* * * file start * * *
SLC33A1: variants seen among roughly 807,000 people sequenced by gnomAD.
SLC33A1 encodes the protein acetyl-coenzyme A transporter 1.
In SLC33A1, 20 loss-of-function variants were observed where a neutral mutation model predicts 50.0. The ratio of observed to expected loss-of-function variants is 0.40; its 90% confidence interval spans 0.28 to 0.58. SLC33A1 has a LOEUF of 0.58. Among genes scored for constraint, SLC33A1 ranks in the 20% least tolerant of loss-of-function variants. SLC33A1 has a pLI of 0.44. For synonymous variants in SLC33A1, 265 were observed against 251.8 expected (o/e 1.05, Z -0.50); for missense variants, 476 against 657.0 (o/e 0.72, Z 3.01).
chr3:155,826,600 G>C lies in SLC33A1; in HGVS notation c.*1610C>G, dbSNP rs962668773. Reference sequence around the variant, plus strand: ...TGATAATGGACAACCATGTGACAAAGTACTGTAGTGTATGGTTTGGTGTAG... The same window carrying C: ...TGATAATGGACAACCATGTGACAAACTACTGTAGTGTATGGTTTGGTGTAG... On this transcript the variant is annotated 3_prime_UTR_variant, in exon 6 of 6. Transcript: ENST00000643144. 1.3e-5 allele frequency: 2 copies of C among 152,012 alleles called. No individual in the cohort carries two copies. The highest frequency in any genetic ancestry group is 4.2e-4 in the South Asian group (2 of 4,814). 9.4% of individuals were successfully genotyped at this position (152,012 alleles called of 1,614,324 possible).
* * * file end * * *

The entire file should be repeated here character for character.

SLC33A1: variants seen among roughly 807,000 people sequenced by gnomAD.
SLC33A1 encodes the protein acetyl-coenzyme A transporter 1.
In SLC33A1, 20 loss-of-function variants were observed where a neutral mutation model predicts 50.0. The ratio of observed to expected loss-of-function variants is 0.40; its 90% confidence interval spans 0.28 to 0.58. SLC33A1 has a LOEUF of 0.58. Among genes scored for constraint, SLC33A1 ranks in the 20% least tolerant of loss-of-function variants. SLC33A1 has a pLI of 0.44. For synonymous variants in SLC33A1, 265 were observed against 251.8 expected (o/e 1.05, Z -0.50); for missense variants, 476 against 657.0 (o/e 0.72, Z 3.01).
chr3:155,826,600 G>C lies in SLC33A1; in HGVS notation c.*1610C>G, dbSNP rs962668773. Reference sequence around the variant, plus strand: ...TGATAATGGACAACCATGTGACAAAGTACTGTAGTGTATGGTTTGGTGTAG... The same window carrying C: ...TGATAATGGACAACCATGTGACAAACTACTGTAGTGTATGGTTTGGTGTAG... On this transcript the variant is annotated 3_prime_UTR_variant, in exon 6 of 6. Transcript: ENST00000643144. 1.3e-5 allele frequency: 2 copies of C among 152,012 alleles called. No individual in the cohort carries two copies. The highest frequency in any genetic ancestry group is 4.2e-4 in the South Asian group (2 of 4,814). 9.4% of individuals were successfully genotyped at this position (152,012 alleles called of 1,614,324 possible).